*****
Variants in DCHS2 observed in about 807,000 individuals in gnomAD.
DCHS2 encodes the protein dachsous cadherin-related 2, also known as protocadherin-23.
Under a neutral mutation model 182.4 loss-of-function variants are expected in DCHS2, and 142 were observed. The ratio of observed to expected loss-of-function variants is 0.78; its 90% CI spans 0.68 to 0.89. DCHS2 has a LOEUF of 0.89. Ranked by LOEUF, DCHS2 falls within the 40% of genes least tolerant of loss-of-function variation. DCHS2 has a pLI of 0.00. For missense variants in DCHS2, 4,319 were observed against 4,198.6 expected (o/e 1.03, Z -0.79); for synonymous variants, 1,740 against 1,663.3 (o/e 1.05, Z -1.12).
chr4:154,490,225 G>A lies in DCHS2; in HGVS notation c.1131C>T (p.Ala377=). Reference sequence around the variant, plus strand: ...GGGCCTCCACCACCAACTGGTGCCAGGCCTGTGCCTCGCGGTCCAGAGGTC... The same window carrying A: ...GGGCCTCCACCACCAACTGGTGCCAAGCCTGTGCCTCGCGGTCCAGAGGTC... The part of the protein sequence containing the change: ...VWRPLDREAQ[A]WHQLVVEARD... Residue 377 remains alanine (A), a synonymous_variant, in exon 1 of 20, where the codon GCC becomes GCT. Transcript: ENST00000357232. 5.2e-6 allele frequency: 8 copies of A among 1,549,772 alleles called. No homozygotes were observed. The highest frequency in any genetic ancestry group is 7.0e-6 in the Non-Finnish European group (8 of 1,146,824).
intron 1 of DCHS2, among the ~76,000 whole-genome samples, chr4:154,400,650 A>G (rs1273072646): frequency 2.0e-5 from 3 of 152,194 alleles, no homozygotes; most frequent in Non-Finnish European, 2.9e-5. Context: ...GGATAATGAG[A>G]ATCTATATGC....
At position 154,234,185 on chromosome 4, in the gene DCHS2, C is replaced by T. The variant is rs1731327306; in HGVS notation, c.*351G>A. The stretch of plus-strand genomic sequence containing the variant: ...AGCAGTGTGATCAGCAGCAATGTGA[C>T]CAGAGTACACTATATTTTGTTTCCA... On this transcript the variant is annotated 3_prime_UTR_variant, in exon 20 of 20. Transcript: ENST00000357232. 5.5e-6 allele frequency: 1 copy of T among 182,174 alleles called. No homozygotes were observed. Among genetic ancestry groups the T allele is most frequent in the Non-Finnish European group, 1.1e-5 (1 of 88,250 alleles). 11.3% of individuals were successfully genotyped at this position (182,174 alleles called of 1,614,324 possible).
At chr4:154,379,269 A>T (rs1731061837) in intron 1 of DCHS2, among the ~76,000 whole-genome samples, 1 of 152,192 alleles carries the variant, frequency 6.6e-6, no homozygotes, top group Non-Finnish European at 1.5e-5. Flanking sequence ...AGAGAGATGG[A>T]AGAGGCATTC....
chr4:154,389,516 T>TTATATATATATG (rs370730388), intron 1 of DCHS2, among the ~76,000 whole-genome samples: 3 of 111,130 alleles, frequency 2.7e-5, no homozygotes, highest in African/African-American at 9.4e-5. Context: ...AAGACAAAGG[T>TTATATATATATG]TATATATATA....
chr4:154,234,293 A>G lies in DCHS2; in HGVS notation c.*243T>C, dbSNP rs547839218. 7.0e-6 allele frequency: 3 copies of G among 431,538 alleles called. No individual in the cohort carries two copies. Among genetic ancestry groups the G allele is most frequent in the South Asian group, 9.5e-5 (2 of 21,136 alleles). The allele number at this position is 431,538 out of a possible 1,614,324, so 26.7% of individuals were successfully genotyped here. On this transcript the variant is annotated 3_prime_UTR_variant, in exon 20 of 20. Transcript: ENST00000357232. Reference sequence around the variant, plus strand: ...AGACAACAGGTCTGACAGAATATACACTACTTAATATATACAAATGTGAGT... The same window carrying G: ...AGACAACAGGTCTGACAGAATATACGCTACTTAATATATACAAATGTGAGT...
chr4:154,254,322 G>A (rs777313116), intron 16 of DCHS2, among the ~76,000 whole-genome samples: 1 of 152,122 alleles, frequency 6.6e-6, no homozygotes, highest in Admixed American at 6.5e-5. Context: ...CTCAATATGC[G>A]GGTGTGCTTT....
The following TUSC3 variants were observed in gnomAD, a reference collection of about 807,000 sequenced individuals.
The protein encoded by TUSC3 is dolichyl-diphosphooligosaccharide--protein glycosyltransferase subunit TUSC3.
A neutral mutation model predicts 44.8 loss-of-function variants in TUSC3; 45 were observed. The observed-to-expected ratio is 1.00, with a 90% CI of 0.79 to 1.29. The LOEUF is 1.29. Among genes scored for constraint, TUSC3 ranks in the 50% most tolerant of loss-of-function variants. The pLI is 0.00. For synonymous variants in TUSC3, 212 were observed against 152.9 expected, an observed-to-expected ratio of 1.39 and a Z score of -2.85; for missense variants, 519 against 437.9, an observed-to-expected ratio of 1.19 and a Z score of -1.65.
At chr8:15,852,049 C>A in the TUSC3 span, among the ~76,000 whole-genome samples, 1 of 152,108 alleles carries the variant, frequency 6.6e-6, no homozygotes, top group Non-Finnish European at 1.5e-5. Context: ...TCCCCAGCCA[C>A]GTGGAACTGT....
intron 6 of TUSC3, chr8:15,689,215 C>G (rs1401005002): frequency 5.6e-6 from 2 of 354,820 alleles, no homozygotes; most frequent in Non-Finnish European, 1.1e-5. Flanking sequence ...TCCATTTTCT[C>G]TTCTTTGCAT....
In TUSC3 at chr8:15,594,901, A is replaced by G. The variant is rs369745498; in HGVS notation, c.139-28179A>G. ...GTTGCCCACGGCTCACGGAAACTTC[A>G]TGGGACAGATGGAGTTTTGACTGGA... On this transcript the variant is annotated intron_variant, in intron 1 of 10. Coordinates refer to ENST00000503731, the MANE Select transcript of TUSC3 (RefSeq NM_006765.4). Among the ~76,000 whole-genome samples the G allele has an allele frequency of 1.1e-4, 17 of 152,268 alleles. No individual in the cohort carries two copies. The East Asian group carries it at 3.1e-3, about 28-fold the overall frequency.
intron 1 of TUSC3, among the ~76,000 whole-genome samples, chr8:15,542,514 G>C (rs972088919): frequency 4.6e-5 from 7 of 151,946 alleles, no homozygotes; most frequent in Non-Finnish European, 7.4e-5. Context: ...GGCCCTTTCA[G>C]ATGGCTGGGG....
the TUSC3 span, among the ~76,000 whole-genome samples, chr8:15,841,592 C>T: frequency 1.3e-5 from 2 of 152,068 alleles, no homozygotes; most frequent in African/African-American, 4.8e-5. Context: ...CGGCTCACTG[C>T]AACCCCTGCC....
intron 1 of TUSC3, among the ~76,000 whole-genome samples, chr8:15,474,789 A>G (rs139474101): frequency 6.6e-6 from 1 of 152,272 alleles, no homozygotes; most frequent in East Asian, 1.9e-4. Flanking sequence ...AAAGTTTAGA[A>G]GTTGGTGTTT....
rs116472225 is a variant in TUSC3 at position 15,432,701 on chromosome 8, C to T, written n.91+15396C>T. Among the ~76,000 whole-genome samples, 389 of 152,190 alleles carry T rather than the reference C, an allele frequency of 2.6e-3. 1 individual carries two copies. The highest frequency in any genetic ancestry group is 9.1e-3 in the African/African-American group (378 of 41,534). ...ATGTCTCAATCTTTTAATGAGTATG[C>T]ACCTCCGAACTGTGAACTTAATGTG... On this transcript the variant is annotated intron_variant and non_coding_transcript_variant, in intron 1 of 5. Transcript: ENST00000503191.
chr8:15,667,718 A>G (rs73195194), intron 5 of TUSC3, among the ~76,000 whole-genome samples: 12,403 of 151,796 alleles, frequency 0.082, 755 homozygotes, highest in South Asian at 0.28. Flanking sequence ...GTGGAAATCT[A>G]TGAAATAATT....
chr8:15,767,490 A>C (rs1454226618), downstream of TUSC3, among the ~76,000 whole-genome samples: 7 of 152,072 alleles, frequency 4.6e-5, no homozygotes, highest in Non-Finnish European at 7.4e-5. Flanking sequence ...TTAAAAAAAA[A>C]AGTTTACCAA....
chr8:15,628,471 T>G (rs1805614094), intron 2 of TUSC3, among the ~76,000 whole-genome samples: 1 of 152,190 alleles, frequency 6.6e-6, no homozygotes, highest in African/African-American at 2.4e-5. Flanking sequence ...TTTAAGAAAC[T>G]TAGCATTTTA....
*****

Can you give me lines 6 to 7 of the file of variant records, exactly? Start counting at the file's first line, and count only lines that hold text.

At position 154,234,185 on chromosome 4, in the gene DCHS2, C is replaced by T. The variant is rs1731327306; in HGVS notation, c.*351G>A. The stretch of plus-strand genomic sequence containing the variant: ...AGCAGTGTGATCAGCAGCAATGTGA[C>T]CAGAGTACACTATATTTTGTTTCCA... On this transcript the variant is annotated 3_prime_UTR_variant, in exon 20 of 20. Transcript: ENST00000357232. 5.5e-6 allele frequency: 1 copy of T among 182,174 alleles called. No homozygotes were observed. Among genetic ancestry groups the T allele is most frequent in the Non-Finnish European group, 1.1e-5 (1 of 88,250 alleles). 11.3% of individuals were successfully genotyped at this position (182,174 alleles called of 1,614,324 possible).
At chr4:154,379,269 A>T (rs1731061837) in intron 1 of DCHS2, among the ~76,000 whole-genome samples, 1 of 152,192 alleles carries the variant, frequency 6.6e-6, no homozygotes, top group Non-Finnish European at 1.5e-5. Flanking sequence ...AGAGAGATGG[A>T]AGAGGCATTC....